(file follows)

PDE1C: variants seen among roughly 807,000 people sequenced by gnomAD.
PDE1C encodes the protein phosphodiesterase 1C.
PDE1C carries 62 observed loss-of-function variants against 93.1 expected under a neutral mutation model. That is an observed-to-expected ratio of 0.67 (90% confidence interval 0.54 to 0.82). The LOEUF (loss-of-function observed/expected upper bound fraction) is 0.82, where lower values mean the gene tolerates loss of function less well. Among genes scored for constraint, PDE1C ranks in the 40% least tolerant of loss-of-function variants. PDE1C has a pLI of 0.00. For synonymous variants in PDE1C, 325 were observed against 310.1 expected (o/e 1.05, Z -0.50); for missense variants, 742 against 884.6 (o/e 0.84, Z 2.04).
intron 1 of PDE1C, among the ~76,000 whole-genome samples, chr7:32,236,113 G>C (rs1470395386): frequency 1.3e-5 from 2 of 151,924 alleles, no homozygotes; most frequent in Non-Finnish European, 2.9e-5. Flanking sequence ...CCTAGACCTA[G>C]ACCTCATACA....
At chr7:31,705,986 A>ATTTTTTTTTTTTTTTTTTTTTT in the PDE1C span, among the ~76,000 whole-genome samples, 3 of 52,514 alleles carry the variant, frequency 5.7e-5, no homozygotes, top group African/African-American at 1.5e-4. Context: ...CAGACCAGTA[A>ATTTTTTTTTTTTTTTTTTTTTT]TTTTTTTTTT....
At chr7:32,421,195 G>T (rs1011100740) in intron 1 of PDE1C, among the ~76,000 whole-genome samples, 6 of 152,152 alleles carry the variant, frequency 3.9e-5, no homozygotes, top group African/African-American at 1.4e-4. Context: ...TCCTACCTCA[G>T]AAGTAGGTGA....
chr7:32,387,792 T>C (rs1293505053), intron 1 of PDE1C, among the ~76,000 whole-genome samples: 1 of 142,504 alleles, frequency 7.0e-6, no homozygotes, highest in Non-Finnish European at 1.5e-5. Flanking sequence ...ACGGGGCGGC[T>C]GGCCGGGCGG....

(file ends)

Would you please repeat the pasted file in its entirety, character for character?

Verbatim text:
PDE1C: variants seen among roughly 807,000 people sequenced by gnomAD.
PDE1C encodes the protein phosphodiesterase 1C.
PDE1C carries 62 observed loss-of-function variants against 93.1 expected under a neutral mutation model. That is an observed-to-expected ratio of 0.67 (90% confidence interval 0.54 to 0.82). The LOEUF (loss-of-function observed/expected upper bound fraction) is 0.82, where lower values mean the gene tolerates loss of function less well. Among genes scored for constraint, PDE1C ranks in the 40% least tolerant of loss-of-function variants. PDE1C has a pLI of 0.00. For synonymous variants in PDE1C, 325 were observed against 310.1 expected (o/e 1.05, Z -0.50); for missense variants, 742 against 884.6 (o/e 0.84, Z 2.04).
intron 1 of PDE1C, among the ~76,000 whole-genome samples, chr7:32,236,113 G>C (rs1470395386): frequency 1.3e-5 from 2 of 151,924 alleles, no homozygotes; most frequent in Non-Finnish European, 2.9e-5. Flanking sequence ...CCTAGACCTA[G>C]ACCTCATACA....
At chr7:31,705,986 A>ATTTTTTTTTTTTTTTTTTTTTT in the PDE1C span, among the ~76,000 whole-genome samples, 3 of 52,514 alleles carry the variant, frequency 5.7e-5, no homozygotes, top group African/African-American at 1.5e-4. Context: ...CAGACCAGTA[A>ATTTTTTTTTTTTTTTTTTTTTT]TTTTTTTTTT....
At chr7:32,421,195 G>T (rs1011100740) in intron 1 of PDE1C, among the ~76,000 whole-genome samples, 6 of 152,152 alleles carry the variant, frequency 3.9e-5, no homozygotes, top group African/African-American at 1.4e-4. Context: ...TCCTACCTCA[G>T]AAGTAGGTGA....
chr7:32,387,792 T>C (rs1293505053), intron 1 of PDE1C, among the ~76,000 whole-genome samples: 1 of 142,504 alleles, frequency 7.0e-6, no homozygotes, highest in Non-Finnish European at 1.5e-5. Flanking sequence ...ACGGGGCGGC[T>C]GGCCGGGCGG....